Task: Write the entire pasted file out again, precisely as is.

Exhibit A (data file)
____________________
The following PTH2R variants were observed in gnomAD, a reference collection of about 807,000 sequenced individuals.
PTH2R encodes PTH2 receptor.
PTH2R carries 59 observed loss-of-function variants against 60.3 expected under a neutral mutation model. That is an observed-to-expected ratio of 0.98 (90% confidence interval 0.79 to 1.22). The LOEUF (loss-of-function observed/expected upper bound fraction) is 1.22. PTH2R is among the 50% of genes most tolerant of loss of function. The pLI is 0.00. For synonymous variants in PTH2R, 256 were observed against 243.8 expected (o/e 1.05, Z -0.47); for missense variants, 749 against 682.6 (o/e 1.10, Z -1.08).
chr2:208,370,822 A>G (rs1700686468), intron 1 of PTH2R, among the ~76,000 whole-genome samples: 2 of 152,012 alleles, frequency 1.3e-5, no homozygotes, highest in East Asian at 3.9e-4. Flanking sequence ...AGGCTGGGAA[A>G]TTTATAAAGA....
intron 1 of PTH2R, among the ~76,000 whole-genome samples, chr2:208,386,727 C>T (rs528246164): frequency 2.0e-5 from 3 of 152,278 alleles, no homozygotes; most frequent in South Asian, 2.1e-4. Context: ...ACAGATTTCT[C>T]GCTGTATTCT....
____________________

The following PTH2R variants were observed in gnomAD, a reference collection of about 807,000 sequenced individuals.
PTH2R encodes PTH2 receptor.
PTH2R carries 59 observed loss-of-function variants against 60.3 expected under a neutral mutation model. That is an observed-to-expected ratio of 0.98 (90% confidence interval 0.79 to 1.22). The LOEUF (loss-of-function observed/expected upper bound fraction) is 1.22. PTH2R is among the 50% of genes most tolerant of loss of function. The pLI is 0.00. For synonymous variants in PTH2R, 256 were observed against 243.8 expected (o/e 1.05, Z -0.47); for missense variants, 749 against 682.6 (o/e 1.10, Z -1.08).
chr2:208,370,822 A>G (rs1700686468), intron 1 of PTH2R, among the ~76,000 whole-genome samples: 2 of 152,012 alleles, frequency 1.3e-5, no homozygotes, highest in East Asian at 3.9e-4. Flanking sequence ...AGGCTGGGAA[A>G]TTTATAAAGA....
intron 1 of PTH2R, among the ~76,000 whole-genome samples, chr2:208,386,727 C>T (rs528246164): frequency 2.0e-5 from 3 of 152,278 alleles, no homozygotes; most frequent in South Asian, 2.1e-4. Context: ...ACAGATTTCT[C>T]GCTGTATTCT....